Dear Lily June,
These days, well-meaning coworkers and colleagues, mostly seasoned veteran mothers, lean across my desk and inquire, genuinely concerned, “How are you doing lately?” I only ever have one honest answer: Tired. I’m so very tired. And Lily, though I love you with a force more powerful than REM cycles and more lasting than the deep dreams of the comatose, I am so tired of being tired.
These other mothers nod, knowingly, and offer adages like “It gets better” or “All this, too, shall pass.” But they never dare say when. If all this too shall really pass, then, Lily, my little love, now would be good.
Two nights of your life, thus far, have been the hardest of mine: your first night at home and last night, the night after you got your first shots. It’s a toss-up which one has been scarier, and I don’t have enough distance from either (or enough sleep after) to make that critical comparison. During both, my fears were driven by the unknown of what could happen to you when kept in your parents’ care alone. (What might we, your well-intentioned but inexperienced caretakers, get wrong? How might we inadvertently harm you?) There’s a special brand of panic that belongs to new parents alone, and it, if nothing else, seems to explain why the life expectancy of those who have children shrinks. Our hearts have simply, for reasons good and bad, skipped too many beats.
In the first few weeks, the sleep-deprivation led to strange side-effects all around. At the time, I was breastfeeding, and you needed to eat at least once every couple of hours. In between your nips at my nipples, my brain would shut off for seconds at a time, succumbing to what are called “micro-sleeps.” These are the short flashes of unconsciousness that drive truckers to jack-knife their vehicles, and when my body would jolt back to a waking state, I would be acutely aware of the guilt I felt for my momentary inattention.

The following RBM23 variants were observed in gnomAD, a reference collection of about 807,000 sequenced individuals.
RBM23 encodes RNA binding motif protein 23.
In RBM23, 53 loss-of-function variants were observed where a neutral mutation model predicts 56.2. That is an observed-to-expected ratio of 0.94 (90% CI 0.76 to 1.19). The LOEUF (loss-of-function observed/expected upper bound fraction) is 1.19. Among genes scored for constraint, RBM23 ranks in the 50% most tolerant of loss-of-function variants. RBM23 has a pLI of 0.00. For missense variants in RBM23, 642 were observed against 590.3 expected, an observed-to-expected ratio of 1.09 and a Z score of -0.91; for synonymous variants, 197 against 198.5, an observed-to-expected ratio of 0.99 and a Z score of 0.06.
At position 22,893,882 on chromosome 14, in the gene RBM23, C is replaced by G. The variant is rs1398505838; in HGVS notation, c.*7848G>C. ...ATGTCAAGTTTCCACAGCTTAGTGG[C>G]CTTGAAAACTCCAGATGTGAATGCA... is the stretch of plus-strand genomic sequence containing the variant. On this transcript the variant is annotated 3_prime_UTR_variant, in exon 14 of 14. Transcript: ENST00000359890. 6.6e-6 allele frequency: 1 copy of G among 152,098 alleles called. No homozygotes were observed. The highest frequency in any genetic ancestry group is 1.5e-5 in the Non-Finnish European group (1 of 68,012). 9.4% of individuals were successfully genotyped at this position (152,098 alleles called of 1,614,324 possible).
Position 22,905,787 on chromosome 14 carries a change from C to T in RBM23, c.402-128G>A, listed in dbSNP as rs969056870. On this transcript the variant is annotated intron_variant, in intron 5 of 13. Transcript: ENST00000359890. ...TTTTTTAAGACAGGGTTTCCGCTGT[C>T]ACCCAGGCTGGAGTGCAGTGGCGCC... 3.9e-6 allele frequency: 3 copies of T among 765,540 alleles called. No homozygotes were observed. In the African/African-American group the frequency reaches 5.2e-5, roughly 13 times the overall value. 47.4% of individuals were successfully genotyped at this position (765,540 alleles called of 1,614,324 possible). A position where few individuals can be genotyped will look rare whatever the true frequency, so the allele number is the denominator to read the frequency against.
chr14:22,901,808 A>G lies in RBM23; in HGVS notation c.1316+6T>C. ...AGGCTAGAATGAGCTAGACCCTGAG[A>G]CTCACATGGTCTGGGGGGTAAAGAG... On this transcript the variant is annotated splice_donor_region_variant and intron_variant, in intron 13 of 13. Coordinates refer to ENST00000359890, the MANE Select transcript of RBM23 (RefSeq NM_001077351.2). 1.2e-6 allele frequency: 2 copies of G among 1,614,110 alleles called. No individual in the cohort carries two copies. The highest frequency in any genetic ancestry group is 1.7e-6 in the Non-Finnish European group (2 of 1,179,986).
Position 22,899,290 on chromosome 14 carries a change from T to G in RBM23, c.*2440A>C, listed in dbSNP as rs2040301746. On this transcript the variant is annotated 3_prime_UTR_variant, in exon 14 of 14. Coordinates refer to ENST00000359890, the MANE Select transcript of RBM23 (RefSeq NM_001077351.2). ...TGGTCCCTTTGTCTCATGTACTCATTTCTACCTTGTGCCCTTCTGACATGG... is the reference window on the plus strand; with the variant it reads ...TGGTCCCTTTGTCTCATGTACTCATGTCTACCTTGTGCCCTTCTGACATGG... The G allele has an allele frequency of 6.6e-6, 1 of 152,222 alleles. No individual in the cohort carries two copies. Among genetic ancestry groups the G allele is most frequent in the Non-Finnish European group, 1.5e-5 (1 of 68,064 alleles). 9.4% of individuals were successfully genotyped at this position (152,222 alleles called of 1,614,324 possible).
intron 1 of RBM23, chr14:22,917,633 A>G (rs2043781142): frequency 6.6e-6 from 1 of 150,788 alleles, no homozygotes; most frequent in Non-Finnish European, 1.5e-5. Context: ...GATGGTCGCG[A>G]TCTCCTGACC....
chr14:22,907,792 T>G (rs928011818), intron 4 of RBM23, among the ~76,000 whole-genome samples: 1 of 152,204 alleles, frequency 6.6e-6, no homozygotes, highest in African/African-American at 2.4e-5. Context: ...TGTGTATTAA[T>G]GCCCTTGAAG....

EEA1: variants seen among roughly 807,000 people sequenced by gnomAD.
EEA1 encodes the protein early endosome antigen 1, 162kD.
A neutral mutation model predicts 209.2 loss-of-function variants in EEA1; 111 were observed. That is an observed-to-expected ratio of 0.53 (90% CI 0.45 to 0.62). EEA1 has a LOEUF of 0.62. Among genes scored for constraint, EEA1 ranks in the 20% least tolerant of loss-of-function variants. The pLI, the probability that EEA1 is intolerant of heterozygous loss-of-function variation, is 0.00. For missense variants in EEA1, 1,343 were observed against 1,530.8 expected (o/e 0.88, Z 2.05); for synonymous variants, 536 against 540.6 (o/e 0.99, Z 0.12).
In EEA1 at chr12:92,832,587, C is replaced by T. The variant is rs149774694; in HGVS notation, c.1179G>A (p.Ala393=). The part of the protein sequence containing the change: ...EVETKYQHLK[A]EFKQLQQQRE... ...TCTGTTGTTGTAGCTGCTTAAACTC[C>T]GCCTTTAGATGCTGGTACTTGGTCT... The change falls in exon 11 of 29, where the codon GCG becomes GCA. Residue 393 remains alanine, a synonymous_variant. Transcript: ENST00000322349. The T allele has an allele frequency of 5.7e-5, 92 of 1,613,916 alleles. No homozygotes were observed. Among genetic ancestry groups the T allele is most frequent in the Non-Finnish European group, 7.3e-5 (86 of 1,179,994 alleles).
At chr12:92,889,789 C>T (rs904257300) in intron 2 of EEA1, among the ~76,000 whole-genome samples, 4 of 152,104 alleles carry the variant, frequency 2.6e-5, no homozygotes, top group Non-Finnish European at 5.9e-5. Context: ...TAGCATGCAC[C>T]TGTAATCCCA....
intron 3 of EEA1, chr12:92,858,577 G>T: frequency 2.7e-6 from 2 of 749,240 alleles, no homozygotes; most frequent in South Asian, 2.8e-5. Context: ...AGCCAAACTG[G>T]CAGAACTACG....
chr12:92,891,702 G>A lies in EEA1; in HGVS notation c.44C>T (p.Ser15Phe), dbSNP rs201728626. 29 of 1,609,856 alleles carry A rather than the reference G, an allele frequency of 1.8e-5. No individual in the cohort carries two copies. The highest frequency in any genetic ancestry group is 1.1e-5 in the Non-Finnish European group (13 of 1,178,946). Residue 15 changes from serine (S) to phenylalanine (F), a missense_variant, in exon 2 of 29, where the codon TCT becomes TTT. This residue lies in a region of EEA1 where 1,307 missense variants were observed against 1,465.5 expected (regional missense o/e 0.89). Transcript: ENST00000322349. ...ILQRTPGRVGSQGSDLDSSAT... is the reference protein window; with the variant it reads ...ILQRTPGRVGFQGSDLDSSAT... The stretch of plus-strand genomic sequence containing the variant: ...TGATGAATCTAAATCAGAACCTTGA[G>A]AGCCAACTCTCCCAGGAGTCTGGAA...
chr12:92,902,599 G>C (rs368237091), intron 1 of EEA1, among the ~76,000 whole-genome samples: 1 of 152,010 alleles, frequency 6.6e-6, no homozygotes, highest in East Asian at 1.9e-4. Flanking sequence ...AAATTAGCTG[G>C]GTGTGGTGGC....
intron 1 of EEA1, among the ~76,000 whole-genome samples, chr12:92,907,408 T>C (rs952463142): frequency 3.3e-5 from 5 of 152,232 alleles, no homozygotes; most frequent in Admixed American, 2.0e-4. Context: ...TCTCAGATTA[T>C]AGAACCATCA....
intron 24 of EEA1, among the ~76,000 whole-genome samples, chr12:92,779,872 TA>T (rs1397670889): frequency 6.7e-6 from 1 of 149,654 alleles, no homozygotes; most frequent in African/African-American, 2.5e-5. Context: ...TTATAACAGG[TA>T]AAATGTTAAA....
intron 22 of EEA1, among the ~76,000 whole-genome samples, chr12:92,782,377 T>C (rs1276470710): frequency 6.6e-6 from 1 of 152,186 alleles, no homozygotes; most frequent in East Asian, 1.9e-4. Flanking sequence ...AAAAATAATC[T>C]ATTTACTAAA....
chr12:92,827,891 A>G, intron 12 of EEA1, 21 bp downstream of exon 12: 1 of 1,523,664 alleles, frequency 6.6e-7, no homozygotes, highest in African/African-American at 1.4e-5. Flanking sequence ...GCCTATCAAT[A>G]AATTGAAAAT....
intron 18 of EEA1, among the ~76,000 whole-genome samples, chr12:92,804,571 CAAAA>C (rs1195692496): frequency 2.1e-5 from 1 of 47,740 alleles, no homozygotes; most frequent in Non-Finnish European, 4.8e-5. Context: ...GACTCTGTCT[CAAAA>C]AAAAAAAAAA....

I think that guilt is what inspired the horrific hallucinations. One night, I woke only to find that your skull had shriveled to the size and shape of a dry pine cone because I’d slept through hours and hours (maybe days?!) of feeding you. (I hadn’t actually, of course, gone full-on Rip Van Winkle, but the fear driving the dream was that if I fell asleep, I would fall so deeply it would last long enough to starve you.)
On another nocturnal adventure, I had actually fallen unconscious with you on top of me in the bed. You looked so peaceful sinking into the huge cotton comforter that I guess it relaxed me. When I woke, though, you were nowhere to be found. At first, I patted the folds of the blanket thinking you’d slipped into an unseen pocket of fabric. When I still couldn’t find you (or even hear your breathing), I eventually ripped the entire comforter off the bed and me, only to hear you shriek. Of course, the shriek was coming from the other room, where you were safely awake and alive in the arms of your father. In the split-second of this waking nightmare being both terrifyingly real and horrifically untrue, I screamed, but only until I shot into the next room and covered your safe, breathing body in kisses of paranoia and misplaced grief.
Pardon my French, Lily, but this is the kind of shit no one tells you when you embark on having kids. As your loving mother, I vow to tell you like it is: Those first few weeks will drive you nuts, in the worst (albeit most worthwhile) of ways.
Let me rewind, though. Even those early weeks with their waking nightmares couldn’t compare to your first night.
That first night was harder on me than on your father, by far. All the family help that had rushed to our side in the hospital was gone. The nurses and doctors with their late-night checks and early morning pointers were gone. And eventually all my sanity? Gone.
Though I was breastfeeding, one well-meaning but pushy nurse had given you formula in the hospital to help calm you for the car ride home. (You hated your car seat and still do, for the most part, whenever the car’s not regularly moving. I hated sitting in a car that day, too; no one prepared me for how the potholes and bumps on the ride home would jar my incision site, causing pain to radiate through me like candelight in a jack-o-lantern, inside and outside.) Anyway, the formula had made you seem like you’d be so peacefully zen–like you’d spend your whole first day home asleep.